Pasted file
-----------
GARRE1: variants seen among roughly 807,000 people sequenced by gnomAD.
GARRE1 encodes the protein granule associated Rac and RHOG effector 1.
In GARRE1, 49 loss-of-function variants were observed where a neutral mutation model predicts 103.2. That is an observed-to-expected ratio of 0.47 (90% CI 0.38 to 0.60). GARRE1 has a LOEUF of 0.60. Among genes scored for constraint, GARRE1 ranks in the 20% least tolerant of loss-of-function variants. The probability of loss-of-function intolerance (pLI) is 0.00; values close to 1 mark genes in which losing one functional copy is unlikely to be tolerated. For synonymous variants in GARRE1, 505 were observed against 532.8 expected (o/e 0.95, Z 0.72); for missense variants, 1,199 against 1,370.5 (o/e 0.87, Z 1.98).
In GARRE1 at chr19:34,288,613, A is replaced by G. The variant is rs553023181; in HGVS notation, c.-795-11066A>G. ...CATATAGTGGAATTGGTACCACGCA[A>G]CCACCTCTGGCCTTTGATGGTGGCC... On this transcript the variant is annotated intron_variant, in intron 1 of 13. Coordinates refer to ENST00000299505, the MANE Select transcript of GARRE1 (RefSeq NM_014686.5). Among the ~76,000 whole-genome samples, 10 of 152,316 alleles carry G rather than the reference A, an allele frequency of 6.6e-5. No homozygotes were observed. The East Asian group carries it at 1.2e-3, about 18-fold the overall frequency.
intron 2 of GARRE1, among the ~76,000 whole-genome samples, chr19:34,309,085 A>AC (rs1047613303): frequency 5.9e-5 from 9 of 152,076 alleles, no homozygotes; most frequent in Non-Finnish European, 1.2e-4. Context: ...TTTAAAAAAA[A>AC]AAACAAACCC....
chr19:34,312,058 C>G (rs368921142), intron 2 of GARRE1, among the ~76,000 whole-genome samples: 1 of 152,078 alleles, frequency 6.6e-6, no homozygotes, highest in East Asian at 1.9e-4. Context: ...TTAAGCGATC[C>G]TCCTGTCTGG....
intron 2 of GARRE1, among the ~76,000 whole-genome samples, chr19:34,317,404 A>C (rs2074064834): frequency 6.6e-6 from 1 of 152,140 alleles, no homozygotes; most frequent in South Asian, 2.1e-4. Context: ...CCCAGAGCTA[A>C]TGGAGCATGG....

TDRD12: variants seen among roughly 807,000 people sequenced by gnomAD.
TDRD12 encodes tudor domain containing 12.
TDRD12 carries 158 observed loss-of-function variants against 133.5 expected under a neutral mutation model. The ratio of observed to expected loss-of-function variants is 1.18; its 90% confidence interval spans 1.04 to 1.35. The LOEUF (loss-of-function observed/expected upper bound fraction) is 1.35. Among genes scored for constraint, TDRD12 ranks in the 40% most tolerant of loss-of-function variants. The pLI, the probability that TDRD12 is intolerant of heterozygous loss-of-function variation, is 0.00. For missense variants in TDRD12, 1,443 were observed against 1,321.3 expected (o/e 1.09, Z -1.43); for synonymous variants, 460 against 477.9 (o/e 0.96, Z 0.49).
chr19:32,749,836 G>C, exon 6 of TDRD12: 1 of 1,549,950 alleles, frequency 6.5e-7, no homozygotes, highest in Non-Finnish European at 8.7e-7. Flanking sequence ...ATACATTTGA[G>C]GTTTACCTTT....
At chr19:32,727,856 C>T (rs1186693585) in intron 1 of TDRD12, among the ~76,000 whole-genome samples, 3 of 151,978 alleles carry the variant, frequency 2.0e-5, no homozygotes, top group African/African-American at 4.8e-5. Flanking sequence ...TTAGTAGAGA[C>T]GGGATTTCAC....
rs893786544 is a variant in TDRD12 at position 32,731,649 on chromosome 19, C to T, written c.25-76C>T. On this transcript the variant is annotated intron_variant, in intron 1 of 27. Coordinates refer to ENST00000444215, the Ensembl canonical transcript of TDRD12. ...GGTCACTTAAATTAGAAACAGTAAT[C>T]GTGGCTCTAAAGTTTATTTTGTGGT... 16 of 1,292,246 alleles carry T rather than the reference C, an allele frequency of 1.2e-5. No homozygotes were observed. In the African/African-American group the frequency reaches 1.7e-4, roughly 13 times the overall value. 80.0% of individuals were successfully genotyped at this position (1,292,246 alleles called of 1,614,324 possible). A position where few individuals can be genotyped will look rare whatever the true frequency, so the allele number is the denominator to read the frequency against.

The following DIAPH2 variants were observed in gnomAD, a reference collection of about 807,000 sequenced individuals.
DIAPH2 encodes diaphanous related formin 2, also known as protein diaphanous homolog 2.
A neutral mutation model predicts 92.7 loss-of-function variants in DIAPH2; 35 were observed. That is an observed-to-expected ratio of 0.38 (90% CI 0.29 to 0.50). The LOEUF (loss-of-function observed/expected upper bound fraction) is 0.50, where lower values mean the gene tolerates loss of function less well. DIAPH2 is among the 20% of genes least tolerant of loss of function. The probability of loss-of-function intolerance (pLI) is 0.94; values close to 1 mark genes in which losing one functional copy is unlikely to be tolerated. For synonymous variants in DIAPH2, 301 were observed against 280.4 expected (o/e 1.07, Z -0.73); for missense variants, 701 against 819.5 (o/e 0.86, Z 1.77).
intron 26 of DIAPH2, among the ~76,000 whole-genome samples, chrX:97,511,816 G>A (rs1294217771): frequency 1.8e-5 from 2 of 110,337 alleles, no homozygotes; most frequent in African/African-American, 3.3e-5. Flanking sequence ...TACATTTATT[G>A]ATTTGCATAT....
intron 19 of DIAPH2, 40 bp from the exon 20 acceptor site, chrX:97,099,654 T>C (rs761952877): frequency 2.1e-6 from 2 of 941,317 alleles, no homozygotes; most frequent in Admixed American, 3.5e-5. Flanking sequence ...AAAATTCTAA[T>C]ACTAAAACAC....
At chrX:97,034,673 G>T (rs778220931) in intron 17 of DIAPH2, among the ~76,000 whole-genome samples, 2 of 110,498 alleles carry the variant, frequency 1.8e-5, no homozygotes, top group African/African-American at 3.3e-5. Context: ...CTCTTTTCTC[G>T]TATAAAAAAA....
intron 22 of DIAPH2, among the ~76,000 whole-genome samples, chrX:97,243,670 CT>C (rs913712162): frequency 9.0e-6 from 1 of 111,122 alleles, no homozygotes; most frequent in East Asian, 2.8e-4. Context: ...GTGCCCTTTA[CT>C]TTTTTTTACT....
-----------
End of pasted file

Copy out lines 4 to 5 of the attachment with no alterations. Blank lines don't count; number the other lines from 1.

In GARRE1 at chr19:34,288,613, A is replaced by G. The variant is rs553023181; in HGVS notation, c.-795-11066A>G. ...CATATAGTGGAATTGGTACCACGCA[A>G]CCACCTCTGGCCTTTGATGGTGGCC... On this transcript the variant is annotated intron_variant, in intron 1 of 13. Coordinates refer to ENST00000299505, the MANE Select transcript of GARRE1 (RefSeq NM_014686.5). Among the ~76,000 whole-genome samples, 10 of 152,316 alleles carry G rather than the reference A, an allele frequency of 6.6e-5. No homozygotes were observed. The East Asian group carries it at 1.2e-3, about 18-fold the overall frequency.
intron 2 of GARRE1, among the ~76,000 whole-genome samples, chr19:34,309,085 A>AC (rs1047613303): frequency 5.9e-5 from 9 of 152,076 alleles, no homozygotes; most frequent in Non-Finnish European, 1.2e-4. Context: ...TTTAAAAAAA[A>AC]AAACAAACCC....